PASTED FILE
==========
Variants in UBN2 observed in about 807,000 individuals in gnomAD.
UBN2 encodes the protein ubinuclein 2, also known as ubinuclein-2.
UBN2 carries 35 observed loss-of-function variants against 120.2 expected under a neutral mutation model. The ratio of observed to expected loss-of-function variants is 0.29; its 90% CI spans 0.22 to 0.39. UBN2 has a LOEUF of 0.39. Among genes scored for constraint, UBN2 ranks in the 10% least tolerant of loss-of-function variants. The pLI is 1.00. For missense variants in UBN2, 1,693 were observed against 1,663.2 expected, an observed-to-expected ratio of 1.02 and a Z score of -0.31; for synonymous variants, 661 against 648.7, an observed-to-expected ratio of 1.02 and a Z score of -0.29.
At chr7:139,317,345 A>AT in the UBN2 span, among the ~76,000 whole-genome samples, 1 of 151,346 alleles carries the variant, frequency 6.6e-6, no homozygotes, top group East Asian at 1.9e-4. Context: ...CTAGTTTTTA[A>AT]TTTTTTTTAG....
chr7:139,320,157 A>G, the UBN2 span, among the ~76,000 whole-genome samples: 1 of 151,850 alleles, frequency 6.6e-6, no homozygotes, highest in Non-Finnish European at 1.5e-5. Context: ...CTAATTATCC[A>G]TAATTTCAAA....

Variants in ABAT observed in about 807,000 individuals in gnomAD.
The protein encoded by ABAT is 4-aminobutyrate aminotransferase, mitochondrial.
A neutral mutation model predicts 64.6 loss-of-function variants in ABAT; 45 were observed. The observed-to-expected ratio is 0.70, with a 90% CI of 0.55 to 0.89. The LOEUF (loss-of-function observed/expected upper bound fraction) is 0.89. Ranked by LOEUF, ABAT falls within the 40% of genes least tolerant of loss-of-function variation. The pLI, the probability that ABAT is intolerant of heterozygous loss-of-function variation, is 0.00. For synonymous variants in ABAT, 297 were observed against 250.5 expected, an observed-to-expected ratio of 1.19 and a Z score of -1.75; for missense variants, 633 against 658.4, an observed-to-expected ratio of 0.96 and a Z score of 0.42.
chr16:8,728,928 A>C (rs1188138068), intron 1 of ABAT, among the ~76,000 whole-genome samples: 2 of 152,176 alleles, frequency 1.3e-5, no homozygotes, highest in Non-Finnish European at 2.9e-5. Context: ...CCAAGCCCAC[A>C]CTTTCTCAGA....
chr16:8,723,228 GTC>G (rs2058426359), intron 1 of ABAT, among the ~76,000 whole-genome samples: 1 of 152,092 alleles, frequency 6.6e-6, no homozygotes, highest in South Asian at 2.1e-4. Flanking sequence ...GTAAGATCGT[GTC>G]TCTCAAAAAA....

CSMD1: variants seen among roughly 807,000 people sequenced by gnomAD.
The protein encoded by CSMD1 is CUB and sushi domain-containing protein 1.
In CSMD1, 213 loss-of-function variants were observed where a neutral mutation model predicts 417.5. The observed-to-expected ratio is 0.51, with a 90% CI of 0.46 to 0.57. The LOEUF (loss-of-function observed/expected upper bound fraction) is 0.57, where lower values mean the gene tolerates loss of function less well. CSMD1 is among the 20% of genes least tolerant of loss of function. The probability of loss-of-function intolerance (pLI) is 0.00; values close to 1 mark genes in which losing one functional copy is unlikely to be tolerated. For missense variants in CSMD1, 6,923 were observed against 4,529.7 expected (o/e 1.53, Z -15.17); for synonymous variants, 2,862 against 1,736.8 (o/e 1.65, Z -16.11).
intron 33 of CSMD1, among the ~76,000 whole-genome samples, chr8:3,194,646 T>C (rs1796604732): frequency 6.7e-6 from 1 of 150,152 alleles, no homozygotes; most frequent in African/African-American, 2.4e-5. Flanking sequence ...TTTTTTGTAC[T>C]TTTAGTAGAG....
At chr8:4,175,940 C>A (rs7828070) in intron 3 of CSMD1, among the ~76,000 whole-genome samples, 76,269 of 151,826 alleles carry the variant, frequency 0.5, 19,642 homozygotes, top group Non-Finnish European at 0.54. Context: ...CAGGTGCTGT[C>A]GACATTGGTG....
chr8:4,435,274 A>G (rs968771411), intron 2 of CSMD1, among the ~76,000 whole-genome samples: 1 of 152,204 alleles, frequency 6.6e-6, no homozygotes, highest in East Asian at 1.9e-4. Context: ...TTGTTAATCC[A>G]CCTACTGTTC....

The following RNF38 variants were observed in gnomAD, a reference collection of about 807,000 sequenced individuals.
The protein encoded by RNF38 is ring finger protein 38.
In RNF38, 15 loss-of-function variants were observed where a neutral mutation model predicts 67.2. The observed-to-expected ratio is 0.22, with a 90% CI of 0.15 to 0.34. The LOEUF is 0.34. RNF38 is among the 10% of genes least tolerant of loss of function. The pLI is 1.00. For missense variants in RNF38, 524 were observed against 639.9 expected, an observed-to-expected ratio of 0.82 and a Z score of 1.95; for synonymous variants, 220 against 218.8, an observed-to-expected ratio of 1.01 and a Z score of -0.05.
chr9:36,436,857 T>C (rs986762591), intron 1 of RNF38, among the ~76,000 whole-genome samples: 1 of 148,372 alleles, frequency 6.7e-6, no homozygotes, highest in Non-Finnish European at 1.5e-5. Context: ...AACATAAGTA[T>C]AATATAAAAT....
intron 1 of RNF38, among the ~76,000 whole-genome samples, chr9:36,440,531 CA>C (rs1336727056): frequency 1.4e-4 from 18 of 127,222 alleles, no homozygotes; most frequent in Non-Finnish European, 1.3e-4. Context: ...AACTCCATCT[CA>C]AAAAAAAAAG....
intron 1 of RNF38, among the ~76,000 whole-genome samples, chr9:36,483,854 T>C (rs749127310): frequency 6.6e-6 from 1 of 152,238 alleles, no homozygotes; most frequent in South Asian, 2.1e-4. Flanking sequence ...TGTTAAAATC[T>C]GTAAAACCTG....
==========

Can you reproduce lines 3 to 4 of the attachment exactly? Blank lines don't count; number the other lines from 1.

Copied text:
UBN2 carries 35 observed loss-of-function variants against 120.2 expected under a neutral mutation model. The ratio of observed to expected loss-of-function variants is 0.29; its 90% CI spans 0.22 to 0.39. UBN2 has a LOEUF of 0.39. Among genes scored for constraint, UBN2 ranks in the 10% least tolerant of loss-of-function variants. The pLI is 1.00. For missense variants in UBN2, 1,693 were observed against 1,663.2 expected, an observed-to-expected ratio of 1.02 and a Z score of -0.31; for synonymous variants, 661 against 648.7, an observed-to-expected ratio of 1.02 and a Z score of -0.29.
At chr7:139,317,345 A>AT in the UBN2 span, among the ~76,000 whole-genome samples, 1 of 151,346 alleles carries the variant, frequency 6.6e-6, no homozygotes, top group East Asian at 1.9e-4. Context: ...CTAGTTTTTA[A>AT]TTTTTTTTAG....